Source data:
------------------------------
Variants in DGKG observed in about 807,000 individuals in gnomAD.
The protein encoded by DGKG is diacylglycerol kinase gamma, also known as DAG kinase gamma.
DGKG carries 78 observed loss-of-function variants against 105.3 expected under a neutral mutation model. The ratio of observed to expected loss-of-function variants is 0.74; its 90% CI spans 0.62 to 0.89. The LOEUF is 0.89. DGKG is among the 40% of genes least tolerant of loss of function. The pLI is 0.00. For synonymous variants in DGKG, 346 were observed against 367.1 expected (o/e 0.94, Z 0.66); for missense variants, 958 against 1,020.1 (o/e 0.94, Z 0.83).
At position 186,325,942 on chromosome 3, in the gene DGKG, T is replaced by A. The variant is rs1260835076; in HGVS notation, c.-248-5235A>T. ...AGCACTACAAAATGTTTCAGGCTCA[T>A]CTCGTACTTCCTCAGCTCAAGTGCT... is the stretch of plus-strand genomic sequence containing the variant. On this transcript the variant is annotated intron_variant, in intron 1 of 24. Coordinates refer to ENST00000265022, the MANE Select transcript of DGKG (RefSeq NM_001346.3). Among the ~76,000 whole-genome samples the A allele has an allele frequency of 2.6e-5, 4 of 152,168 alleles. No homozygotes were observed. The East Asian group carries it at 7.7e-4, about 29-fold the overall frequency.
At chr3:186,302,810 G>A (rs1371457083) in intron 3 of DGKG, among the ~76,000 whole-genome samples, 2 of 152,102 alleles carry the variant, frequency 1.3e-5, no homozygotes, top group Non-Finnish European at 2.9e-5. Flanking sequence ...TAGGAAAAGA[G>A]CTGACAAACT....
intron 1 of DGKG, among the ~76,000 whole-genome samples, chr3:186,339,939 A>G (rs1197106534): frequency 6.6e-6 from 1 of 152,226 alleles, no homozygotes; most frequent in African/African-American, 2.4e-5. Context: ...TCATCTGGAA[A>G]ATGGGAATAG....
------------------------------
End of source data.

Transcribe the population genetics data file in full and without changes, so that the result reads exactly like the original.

Variants in DGKG observed in about 807,000 individuals in gnomAD.
The protein encoded by DGKG is diacylglycerol kinase gamma, also known as DAG kinase gamma.
DGKG carries 78 observed loss-of-function variants against 105.3 expected under a neutral mutation model. The ratio of observed to expected loss-of-function variants is 0.74; its 90% CI spans 0.62 to 0.89. The LOEUF is 0.89. DGKG is among the 40% of genes least tolerant of loss of function. The pLI is 0.00. For synonymous variants in DGKG, 346 were observed against 367.1 expected (o/e 0.94, Z 0.66); for missense variants, 958 against 1,020.1 (o/e 0.94, Z 0.83).
At position 186,325,942 on chromosome 3, in the gene DGKG, T is replaced by A. The variant is rs1260835076; in HGVS notation, c.-248-5235A>T. ...AGCACTACAAAATGTTTCAGGCTCA[T>A]CTCGTACTTCCTCAGCTCAAGTGCT... is the stretch of plus-strand genomic sequence containing the variant. On this transcript the variant is annotated intron_variant, in intron 1 of 24. Coordinates refer to ENST00000265022, the MANE Select transcript of DGKG (RefSeq NM_001346.3). Among the ~76,000 whole-genome samples the A allele has an allele frequency of 2.6e-5, 4 of 152,168 alleles. No homozygotes were observed. The East Asian group carries it at 7.7e-4, about 29-fold the overall frequency.
At chr3:186,302,810 G>A (rs1371457083) in intron 3 of DGKG, among the ~76,000 whole-genome samples, 2 of 152,102 alleles carry the variant, frequency 1.3e-5, no homozygotes, top group Non-Finnish European at 2.9e-5. Flanking sequence ...TAGGAAAAGA[G>A]CTGACAAACT....
intron 1 of DGKG, among the ~76,000 whole-genome samples, chr3:186,339,939 A>G (rs1197106534): frequency 6.6e-6 from 1 of 152,226 alleles, no homozygotes; most frequent in African/African-American, 2.4e-5. Context: ...TCATCTGGAA[A>G]ATGGGAATAG....